Regular visitors to the Blog will know that central to my love of all things France is an ongoing obsession with the beautiful city of Paris, its restaurants, history, and gorgeous views (you can read about my last trip here, during which The Boy rather romantically proposed). It was therefore the perfect starting point for my recent trip to France, planned with the sole purpose of eating and drinking my way through some of the most celebrated gastronomic locations. There are two things I like doing when visiting cities like Paris: successfully pretending I'm not a tourist, and discovering a hidden gem so far untouched by guidebooks. And on this trip, I found the perfect places to do both.
Whilst we enjoyed many fantastic restaurants and typically Parisian establishments, a highlight was visiting the Bar à Chocolat at the swish yet friendly Hôtel du Cadran on the rue du Champ de Mars close to the Eiffel Tower. I had heard great things about the decadent and unusual flavoured macarons, chocolate pots and, perhaps the most sought after quality by British visitors to a Paris eatery, the fabulous customer service!
Served on a kitsch tray on brightly coloured melamine plates and dishes, the Parisian version of afternoon tea at the Bar à Chocolat was a feast for the eyes as well as the taste buds and brought a relaxed and fun element to the serious business of chocolate and macaron creation, an art honed to perfection by the Bar's chef Christophe Roussel.
At this welcoming little cafe nestling in the foyer of the hip hotel, there are almost too many flavours of macarons to choose from, all incredibly intriguing and decadent, and even the hot chocolate comes in five or six different flavours. I went for orange hot chocolate and found it creamy, smooth and delicious - just rich enough for my tastes without being too sweet. My favourite macaron flavours included salted caramel, morello cherry with pink peppercorns, orange and tarragon and, the old classic, framboise chocolat. The best thing about them was the perfect combination of a light crunch to the outer shell and a soft, whipped filling sandwiched between the two pieces (I told you I was a macaron geek).
I loved the macarons so much I asked the lovely waitress to help me choose a few more to take away in a gift bag, which didn't last long, and then spent a few final moments admiring the beautiful gift boxes and displays of handmade chocolate. The relaxed, contemporary interior was the perfect place to get away from the hustle and bustle of the tourist traps and Paris traffic; and with sweet treats to die for, the Bar is now firmly on my to-do list for every future visit to Paris.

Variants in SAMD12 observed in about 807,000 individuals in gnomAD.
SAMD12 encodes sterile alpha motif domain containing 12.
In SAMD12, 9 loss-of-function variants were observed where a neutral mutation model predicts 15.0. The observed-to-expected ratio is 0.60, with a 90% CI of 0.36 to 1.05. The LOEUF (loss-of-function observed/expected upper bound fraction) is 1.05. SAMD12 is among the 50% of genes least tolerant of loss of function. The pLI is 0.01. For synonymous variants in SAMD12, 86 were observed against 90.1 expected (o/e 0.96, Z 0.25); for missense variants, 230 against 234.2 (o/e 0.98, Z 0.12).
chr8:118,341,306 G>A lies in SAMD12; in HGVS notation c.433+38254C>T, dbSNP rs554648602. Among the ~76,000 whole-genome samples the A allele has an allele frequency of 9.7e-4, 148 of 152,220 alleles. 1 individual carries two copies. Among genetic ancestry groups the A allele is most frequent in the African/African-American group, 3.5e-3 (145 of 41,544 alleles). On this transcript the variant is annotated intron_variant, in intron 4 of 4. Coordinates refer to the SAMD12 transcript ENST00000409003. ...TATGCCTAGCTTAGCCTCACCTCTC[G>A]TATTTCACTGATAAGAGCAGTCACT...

Another absolute gem, discovered entirely by accident, was a charming little wine cave tucked away on a side street close to our hotel in the 11ème arrondissement. One evening we decided to seek out a nice bar for a quick aperitif before dinner. Instead of striding straight out from our hotel and heading south to the Place de la Bastille and towards the river or the rue de rivoli and the centre of Paris, we ambled around the side streets to the east of the Bastille, which form a complex little web of coffee shops, bars, restaurants, and now and again suddenly emerge on a big, main street like the bustling, retail-dominated rue de la Roquette. It was here, on rue Sedaine, that we stumbled upon La Cave, à la Bastille - not quite hitting the cave à manger trend (wine shops where you can also eat) so popular in Paris over the last few years but definitely living up to it's byline of vins et plus (wines and more).
A busy street terrace and simple chalkboard menus at the entrance advertised the wines and small plates (petit restauration) on offer inside. We browsed the impressive wine and spirits stock in the shop and asked the very welcoming and friendly proprietor about trying some wine by the glass with some meats, cheeses and bread. We discussed our wine preferences and food appetite, with fantastic advice from the proprietor about the different "house wines" on offer on the menu, and settled down on wooden stools at mismatching tables at the back of the shop to sample a red Cotes de Provence wine from Domaine Turenne (Bastien 2011, named after the producers' son). Deliciously zingy with a full-bodied depth well-suited to our plates of charcuterie et fromage, the wine (and it's good price) tempted us to stock up on a couple of bottles to take home with us.
The assiette froides - just 12 euros for a large plate with a basket of bread - included four or five different types of cheese, some cured meats, and some fantastic coarse pâtés. The relaxed interior and friendly service made us feel at home (or at least in familiar surroundings, like our local Cambridge Wine Merchants) and it was a great place to indulge in a spot of people-watching. I particularly enjoyed chilling out amongst the locals; a couple reading the newspaper whilst sipping an early evening glass of wine; a group of friends sampling a few glasses of wine and laughing and chatting with the staff; and listening to the expert advice being given to browsing customers. La Cave, à la Bastille is well worth seeking out, popping into, and, best of all, pretending it's your local wine shop. Another firm favourite to add to my Paris itinerary!
10, rue du Champ de Mars
6, rue Sedaine